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Out of the Woods: Healing Lyme Disease – Mind, Body and Spirit. A Review.

out of the woods lyme disease book review

Part memoir, part aspiring how-to-heal guide, Out of the Woods feels a little lost in the trees for some readers.

Marketed as part memoir, part how-to guide, Out of the Woods: Healing Lyme Disease – Mind, Body and Spirit is a new offering for those interested in learning more about this infectious disease and the devastating impact it can have on a life.

Katina Makris likely became infected with Lyme disease in the summer of 2000, first suffering a flu-like illness but subsequently diagnosed with walking pneumonia and chronic fatigue syndrome. As her health deteriorated her family life suffered and she had to close her private homeopathic practice but the story does have a more positive ending as Makris is finally getting back to health.

The Perpetuation of Lyme Disease ‘Mystery’

Makris uses the first half of the book to detail her personal struggle towards a Lyme disease diagnosis (in 2005) and the second half to discuss holistic therapies for Lyme disease and the difficulties with an orthodox medical approach to the infection. Although many people do spend years feeling sick without being tested for borreliosis the fact that Makris’ doctors did not even think of this a potential cause of her illness seems a little unrealistic (a point made by a number of reviewers). One wonders if, by so fully embracing alternative healthcare practices, including some questionable remarks on Rife machines, Makris fails to make use of the positive elements of scientific progress.

Preaching to the Choir

The book occasionally reads as an overblown personal rant about orthodox medicine in favor of appeals to nature, intuitive medicine and faith healing. Clearly, the book could benefit from editing by an experienced professional but it is unlikely that such a title would attract more eminent publishers. Target readers are likely those already well-versed in Lyme disease mythology and conspiracy theories, looking to rail against mainstream medicine and science. Such impassioned readers are, perhaps, more forgiving of the cliched, repetitive prose and bad Victorian-style nature adoration. Makris is not so much out of the woods as attached, moss-like, to the trees she talks of so fondly, ad nauseam.

Alternative Lyme Disease Treatments

Appearing appealing to those infected with Lyme disease, Out of the Woods may not prove all that helpful as the actual healing regimen employed by this homeopath is described only in vague terms. Acupuncture, yoga, meditation, hands-on-healing, spiritual counselling and energy medicine are all mentioned in opposition to mainstream antibiotic treatment of Lyme disease, so using treatments as patriot power greens and others could be really useful for this. Homeopathy is also promoted as a way to beat Lyme disease naturally and there may be those scratching their head when reading this book and wondering why Makris did not simply take prescribed antibiotics to eradicate the infection. There is merit, after all, in combining the best of orthodox medicine and complementary medicine to support the body whilst dealing with a serious infection.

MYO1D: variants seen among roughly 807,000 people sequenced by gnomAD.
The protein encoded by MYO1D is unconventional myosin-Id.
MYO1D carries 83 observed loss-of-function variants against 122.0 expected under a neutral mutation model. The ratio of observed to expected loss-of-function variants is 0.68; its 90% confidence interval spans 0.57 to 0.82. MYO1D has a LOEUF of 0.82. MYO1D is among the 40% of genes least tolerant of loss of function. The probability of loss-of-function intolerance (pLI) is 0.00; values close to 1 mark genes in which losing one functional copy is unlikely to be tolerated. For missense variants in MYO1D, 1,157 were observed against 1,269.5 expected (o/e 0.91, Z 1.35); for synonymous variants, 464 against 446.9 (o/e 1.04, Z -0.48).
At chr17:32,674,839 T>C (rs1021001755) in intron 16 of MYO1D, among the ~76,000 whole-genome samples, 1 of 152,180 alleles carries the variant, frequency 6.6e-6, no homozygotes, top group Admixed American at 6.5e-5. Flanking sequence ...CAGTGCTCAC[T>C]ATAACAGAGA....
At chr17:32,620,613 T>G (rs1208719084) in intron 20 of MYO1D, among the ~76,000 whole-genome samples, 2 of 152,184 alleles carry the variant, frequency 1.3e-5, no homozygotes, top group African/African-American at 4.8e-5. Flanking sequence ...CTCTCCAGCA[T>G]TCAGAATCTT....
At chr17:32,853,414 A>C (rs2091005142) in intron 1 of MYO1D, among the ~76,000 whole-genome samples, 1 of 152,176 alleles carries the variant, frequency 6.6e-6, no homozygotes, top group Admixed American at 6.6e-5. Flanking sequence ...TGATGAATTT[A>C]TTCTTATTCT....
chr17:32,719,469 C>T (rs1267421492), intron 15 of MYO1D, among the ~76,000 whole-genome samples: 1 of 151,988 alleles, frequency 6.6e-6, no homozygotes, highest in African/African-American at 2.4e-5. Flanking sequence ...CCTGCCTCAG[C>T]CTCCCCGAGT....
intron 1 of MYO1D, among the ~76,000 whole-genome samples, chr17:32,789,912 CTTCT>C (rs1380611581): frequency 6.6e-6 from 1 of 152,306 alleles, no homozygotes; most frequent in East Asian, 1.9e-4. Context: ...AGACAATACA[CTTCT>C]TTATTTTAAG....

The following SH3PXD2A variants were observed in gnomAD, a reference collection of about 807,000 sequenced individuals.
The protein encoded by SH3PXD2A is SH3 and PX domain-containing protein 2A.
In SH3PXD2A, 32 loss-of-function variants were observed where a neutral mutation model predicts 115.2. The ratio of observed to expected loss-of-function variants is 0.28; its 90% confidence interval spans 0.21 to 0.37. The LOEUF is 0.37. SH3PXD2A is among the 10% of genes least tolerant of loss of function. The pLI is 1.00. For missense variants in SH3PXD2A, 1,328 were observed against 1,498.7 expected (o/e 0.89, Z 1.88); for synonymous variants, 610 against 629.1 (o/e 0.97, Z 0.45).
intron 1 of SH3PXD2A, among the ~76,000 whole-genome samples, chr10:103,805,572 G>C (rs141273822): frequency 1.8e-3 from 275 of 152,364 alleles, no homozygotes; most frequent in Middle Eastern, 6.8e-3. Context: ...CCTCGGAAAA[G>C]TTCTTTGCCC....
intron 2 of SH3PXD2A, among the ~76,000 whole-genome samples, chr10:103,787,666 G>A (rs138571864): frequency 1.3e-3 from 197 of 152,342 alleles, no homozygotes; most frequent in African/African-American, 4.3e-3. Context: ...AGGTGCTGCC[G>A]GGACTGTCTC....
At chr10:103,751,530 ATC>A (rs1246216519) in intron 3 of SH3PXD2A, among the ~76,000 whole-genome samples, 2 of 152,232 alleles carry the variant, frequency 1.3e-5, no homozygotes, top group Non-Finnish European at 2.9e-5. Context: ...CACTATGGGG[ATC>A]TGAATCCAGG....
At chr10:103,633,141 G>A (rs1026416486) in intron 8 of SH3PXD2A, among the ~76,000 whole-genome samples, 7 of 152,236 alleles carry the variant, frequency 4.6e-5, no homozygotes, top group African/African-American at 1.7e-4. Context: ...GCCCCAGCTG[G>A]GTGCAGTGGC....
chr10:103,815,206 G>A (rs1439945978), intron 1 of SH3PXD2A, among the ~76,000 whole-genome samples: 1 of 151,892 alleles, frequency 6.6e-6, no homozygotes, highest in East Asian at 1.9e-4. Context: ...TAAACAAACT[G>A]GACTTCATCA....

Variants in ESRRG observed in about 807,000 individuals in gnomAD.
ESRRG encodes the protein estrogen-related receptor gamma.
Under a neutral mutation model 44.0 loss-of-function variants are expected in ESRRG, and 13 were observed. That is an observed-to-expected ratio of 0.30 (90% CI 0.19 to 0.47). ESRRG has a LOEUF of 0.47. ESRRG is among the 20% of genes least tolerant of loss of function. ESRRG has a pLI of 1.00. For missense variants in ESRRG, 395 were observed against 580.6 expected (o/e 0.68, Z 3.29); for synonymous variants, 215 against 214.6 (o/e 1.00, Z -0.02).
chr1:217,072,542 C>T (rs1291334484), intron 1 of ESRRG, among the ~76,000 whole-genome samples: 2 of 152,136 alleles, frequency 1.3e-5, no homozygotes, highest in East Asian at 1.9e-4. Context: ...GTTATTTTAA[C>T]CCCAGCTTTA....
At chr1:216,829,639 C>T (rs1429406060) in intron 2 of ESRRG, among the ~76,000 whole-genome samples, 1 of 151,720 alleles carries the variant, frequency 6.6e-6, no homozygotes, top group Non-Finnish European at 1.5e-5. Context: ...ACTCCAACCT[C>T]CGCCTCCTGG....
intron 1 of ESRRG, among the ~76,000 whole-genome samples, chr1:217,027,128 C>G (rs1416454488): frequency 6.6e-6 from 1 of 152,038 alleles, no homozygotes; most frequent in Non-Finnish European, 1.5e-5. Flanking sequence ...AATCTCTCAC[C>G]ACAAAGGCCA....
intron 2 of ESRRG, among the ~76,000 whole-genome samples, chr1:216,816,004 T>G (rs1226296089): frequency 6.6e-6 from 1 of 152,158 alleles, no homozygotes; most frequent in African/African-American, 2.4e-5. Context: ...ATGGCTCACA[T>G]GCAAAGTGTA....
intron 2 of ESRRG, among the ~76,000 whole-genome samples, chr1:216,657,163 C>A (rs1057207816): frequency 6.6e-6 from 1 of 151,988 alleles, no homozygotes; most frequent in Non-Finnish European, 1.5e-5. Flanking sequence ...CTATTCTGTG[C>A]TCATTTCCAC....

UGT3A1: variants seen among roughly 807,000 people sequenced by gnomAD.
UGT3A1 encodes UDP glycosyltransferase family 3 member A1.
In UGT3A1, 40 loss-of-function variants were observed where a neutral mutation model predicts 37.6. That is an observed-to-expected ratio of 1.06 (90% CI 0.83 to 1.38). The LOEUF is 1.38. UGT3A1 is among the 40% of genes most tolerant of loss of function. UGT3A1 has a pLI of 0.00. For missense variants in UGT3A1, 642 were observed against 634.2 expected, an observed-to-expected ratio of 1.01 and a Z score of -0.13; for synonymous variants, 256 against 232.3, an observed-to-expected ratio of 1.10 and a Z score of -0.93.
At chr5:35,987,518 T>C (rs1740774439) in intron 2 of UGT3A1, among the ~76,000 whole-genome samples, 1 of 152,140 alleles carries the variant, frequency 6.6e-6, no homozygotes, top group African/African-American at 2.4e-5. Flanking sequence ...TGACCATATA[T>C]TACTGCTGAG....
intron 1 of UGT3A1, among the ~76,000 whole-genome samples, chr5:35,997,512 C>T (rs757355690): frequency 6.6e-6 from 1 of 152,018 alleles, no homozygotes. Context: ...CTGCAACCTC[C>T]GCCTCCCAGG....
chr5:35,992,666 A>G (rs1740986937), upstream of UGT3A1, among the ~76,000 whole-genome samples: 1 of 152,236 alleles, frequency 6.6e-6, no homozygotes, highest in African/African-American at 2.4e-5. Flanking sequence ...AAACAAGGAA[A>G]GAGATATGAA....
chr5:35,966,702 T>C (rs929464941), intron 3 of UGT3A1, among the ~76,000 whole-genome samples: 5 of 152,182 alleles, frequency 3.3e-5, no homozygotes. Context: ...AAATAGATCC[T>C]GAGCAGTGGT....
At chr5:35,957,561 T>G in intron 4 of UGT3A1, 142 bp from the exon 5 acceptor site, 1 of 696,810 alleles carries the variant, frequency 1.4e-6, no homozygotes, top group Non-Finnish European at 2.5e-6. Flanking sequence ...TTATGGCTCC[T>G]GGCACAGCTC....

Nothing New in ‘Out of the Woods’

It is tempting to think that there must be a limit to how many tales can be told of being struck down by a mysterious flu-like illness as awareness of Lyme disease grows. Reading about pain and suffering seems, to some, to be endlessly attractive, however, even where maudlin purple prose sits awkwardly on page after page.

Whilst not wishing to detract from the obvious suffering Makris has endured, and the very real problems with Lyme disease diagnosis and treatment, this memoir suffers from myriad problems. There are so many Lyme memoirs in print that this one, written as it is by a professional homeopath, needs to do more to stand out. Instead, the book never quite finds its place in the genre of memoir, alternative medicine guide, aspiring poetic naturalist creative fiction or mythologising of what is, after all, a treatable infection for most patients.

Validating Lyme Mythology

Although Makris holds no science or medical degree, one would expect an experienced practitioner and previous health columnist to understand the importance of public health communication. Such memoirs may provide validation for many who encounter similar struggles with Lyme disease and chronic illness but it also risks invalidating the common experience of short-term, successfully treated borreliosis.

Promoting Lyme Disease Awareness

Out of the Woods: Healing Lyme Disease – Body, Mind and Spirit, has gained some appreciative reviews from those looking for a sympathetic reflection of their own experience and struggle with Lyme disease, which is wonderful for those feeling isolated in their own battle back to health. It may also provide a useful insight for carers into the suffering of such patients but should not be seen as a guide as to how to treat Lyme disease. Katina Makris is on a book tour currently, promoting awareness of the illness. At its heart, Out of the Woods is a highly personal look at the devastating symptoms Lyme disease can cause but it is not a practical text for how-to heal from the condition.

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